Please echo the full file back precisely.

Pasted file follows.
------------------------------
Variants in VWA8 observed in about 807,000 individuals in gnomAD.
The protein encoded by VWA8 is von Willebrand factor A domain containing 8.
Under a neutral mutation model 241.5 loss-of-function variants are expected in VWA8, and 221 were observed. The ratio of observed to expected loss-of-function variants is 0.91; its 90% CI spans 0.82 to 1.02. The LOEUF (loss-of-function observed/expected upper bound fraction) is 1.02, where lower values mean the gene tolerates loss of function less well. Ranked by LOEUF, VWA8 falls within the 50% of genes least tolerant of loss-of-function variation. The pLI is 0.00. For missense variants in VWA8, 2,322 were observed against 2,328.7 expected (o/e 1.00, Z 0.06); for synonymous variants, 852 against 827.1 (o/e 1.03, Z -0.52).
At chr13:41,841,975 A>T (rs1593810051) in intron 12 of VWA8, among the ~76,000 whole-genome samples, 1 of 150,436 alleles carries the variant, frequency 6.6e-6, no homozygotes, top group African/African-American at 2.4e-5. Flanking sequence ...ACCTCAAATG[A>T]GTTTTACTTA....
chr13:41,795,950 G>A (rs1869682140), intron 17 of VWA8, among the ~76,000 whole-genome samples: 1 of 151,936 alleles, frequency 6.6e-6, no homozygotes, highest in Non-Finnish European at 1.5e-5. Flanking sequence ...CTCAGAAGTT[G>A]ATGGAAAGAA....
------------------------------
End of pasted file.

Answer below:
Variants in VWA8 observed in about 807,000 individuals in gnomAD.
The protein encoded by VWA8 is von Willebrand factor A domain containing 8.
Under a neutral mutation model 241.5 loss-of-function variants are expected in VWA8, and 221 were observed. The ratio of observed to expected loss-of-function variants is 0.91; its 90% CI spans 0.82 to 1.02. The LOEUF (loss-of-function observed/expected upper bound fraction) is 1.02, where lower values mean the gene tolerates loss of function less well. Ranked by LOEUF, VWA8 falls within the 50% of genes least tolerant of loss-of-function variation. The pLI is 0.00. For missense variants in VWA8, 2,322 were observed against 2,328.7 expected (o/e 1.00, Z 0.06); for synonymous variants, 852 against 827.1 (o/e 1.03, Z -0.52).
At chr13:41,841,975 A>T (rs1593810051) in intron 12 of VWA8, among the ~76,000 whole-genome samples, 1 of 150,436 alleles carries the variant, frequency 6.6e-6, no homozygotes, top group African/African-American at 2.4e-5. Flanking sequence ...ACCTCAAATG[A>T]GTTTTACTTA....
chr13:41,795,950 G>A (rs1869682140), intron 17 of VWA8, among the ~76,000 whole-genome samples: 1 of 151,936 alleles, frequency 6.6e-6, no homozygotes, highest in Non-Finnish European at 1.5e-5. Flanking sequence ...CTCAGAAGTT[G>A]ATGGAAAGAA....